The fingers of blame would point at familiar individuals — Andy Carroll and Jordan Henderson. As a collective, Liverpool's mentality would be questioned, that they could prise defeat from the jaws of victory.
The loss would have festered in the news all week. International weekends are notoriously quiet periods for journalists, and so the reaction stories and the analyses would have continued for days on end.
Steven Gerrard, who described himself as feeling 'suicidal' when Liverpool lost their last League Cup final on the eve of this match, would most likely have been put up to face the press as England captain just days afterwards. There would be little time to rally the troops.
And when the team came back from the international break to face the resurgent Arsenal at Anfield with the race for fourth place in the league hotting up, with anything less than victory leaving Kenny Dalglish's men at least seven points adrift of the last Champions League spot, the pressure would build again. There'd be a game in hand, but also three strong teams to overhaul. There'd be talk about the curse of the Cup, after Arsenal's wretched year since their loss in the final to Birmingham. How long before the media focus returned to Dalglish's expensively-assembled squad, and his own future at the club?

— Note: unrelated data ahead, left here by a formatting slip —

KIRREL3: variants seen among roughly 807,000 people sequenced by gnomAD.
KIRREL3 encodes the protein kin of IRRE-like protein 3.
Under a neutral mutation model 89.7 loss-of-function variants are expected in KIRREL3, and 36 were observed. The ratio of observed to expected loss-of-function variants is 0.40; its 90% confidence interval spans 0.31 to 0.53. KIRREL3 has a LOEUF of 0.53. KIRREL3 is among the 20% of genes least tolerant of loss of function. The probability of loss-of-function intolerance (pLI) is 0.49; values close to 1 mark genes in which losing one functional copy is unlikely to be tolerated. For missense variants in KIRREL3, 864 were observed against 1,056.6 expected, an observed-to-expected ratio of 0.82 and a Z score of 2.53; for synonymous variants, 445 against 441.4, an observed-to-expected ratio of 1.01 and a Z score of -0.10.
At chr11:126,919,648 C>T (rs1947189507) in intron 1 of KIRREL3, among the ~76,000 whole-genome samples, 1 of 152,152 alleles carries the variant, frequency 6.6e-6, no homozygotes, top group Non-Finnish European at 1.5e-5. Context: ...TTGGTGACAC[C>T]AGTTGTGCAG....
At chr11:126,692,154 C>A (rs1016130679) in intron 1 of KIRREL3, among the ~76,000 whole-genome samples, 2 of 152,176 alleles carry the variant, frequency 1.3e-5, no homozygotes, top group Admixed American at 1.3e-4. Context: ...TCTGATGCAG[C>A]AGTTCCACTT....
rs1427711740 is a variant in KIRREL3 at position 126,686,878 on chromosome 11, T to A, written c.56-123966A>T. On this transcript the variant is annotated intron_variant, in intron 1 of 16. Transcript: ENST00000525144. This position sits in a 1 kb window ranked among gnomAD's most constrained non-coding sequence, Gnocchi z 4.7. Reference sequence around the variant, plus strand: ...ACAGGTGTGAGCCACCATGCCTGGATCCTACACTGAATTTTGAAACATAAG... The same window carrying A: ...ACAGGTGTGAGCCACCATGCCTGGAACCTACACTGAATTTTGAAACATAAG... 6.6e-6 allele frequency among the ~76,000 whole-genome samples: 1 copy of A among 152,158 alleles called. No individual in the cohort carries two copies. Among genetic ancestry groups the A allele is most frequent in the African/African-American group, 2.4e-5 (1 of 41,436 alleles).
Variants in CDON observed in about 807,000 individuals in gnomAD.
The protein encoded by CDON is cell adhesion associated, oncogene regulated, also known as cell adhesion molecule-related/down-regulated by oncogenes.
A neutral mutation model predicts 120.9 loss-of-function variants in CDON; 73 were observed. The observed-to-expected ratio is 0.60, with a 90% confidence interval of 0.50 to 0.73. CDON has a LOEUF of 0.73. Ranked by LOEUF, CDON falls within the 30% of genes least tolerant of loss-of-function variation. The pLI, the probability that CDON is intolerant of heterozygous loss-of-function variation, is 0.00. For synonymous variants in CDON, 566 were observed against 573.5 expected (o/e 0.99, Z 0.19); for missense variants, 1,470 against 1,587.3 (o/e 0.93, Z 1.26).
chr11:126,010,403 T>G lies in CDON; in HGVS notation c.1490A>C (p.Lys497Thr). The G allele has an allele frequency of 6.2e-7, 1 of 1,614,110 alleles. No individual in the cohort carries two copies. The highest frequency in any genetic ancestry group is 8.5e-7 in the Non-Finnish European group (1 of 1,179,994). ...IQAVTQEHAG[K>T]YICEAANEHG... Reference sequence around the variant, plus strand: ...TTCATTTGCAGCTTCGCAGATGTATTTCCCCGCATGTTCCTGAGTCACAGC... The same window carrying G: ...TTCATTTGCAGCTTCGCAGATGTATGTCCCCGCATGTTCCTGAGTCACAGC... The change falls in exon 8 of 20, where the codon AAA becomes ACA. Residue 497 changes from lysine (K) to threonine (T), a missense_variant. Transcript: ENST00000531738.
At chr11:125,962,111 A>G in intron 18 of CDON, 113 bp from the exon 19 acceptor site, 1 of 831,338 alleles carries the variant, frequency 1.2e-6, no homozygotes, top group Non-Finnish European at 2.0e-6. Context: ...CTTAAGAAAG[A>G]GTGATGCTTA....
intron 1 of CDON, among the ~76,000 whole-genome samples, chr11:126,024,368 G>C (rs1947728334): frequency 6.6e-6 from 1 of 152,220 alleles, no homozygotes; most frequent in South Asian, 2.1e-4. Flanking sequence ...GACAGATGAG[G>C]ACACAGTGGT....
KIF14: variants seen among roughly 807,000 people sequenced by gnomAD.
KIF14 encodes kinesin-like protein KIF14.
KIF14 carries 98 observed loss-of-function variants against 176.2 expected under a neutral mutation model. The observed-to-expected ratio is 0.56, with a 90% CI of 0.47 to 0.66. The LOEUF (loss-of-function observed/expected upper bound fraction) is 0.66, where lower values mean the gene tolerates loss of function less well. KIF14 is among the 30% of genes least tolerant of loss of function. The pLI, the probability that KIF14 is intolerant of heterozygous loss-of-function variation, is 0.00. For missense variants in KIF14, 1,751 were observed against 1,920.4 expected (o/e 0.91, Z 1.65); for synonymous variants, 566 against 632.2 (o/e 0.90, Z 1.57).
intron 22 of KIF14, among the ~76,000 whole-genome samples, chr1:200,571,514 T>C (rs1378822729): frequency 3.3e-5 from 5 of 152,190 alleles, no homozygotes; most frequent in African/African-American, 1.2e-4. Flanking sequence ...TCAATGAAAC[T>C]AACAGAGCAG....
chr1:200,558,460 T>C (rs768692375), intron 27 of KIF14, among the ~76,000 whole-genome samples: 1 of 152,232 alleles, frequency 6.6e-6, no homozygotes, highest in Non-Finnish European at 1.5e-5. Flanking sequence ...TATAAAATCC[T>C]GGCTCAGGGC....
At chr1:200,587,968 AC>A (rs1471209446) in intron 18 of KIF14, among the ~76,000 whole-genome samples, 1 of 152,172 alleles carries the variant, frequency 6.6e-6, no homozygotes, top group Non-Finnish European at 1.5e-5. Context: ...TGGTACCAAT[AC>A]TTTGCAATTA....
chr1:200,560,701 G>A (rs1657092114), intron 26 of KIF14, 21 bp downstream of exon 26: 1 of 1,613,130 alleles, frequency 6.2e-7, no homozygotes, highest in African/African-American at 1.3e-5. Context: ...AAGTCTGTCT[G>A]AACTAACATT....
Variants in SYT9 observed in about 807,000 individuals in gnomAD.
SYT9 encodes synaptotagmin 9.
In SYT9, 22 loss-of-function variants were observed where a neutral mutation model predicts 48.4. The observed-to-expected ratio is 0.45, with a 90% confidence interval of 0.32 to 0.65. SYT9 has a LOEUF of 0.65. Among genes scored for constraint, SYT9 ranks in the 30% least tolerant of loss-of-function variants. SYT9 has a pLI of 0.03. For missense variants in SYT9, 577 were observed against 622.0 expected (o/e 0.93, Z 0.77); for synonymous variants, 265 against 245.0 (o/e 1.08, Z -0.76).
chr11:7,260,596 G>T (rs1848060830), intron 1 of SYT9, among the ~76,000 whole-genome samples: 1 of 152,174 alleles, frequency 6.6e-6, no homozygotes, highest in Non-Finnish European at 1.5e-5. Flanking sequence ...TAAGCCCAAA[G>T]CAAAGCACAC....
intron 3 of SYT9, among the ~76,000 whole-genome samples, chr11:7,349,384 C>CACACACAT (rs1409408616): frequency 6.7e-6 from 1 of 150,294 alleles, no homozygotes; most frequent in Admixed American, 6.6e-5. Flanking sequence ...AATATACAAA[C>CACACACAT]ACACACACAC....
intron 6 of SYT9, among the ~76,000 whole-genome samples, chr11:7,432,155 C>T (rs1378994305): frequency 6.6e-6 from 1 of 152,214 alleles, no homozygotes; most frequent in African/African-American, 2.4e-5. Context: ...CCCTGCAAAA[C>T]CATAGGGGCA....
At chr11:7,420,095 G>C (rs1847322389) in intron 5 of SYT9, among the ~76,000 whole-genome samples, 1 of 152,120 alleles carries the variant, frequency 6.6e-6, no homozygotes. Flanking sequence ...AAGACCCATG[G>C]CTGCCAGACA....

Liverpool's American owner JW Henry said in the aftermath of victory yesterday that the Carling Cup would have little resonance in his homeland, but those words, delivered without hubris, were telling, and when he said he was glad victory would give the media a chance to write something positive about Liverpool, he showed a solid understanding of the way the back pages work.
The revelation received, ED disappeared to write a column, butterflies flapped their wings at just the wrong moment for Cardiff fans, and crucial penalties struck the woodwork rather than creeping in the corner of the net.
This was not a game Liverpool could afford to lose, and although it wasn't pretty, they didn't.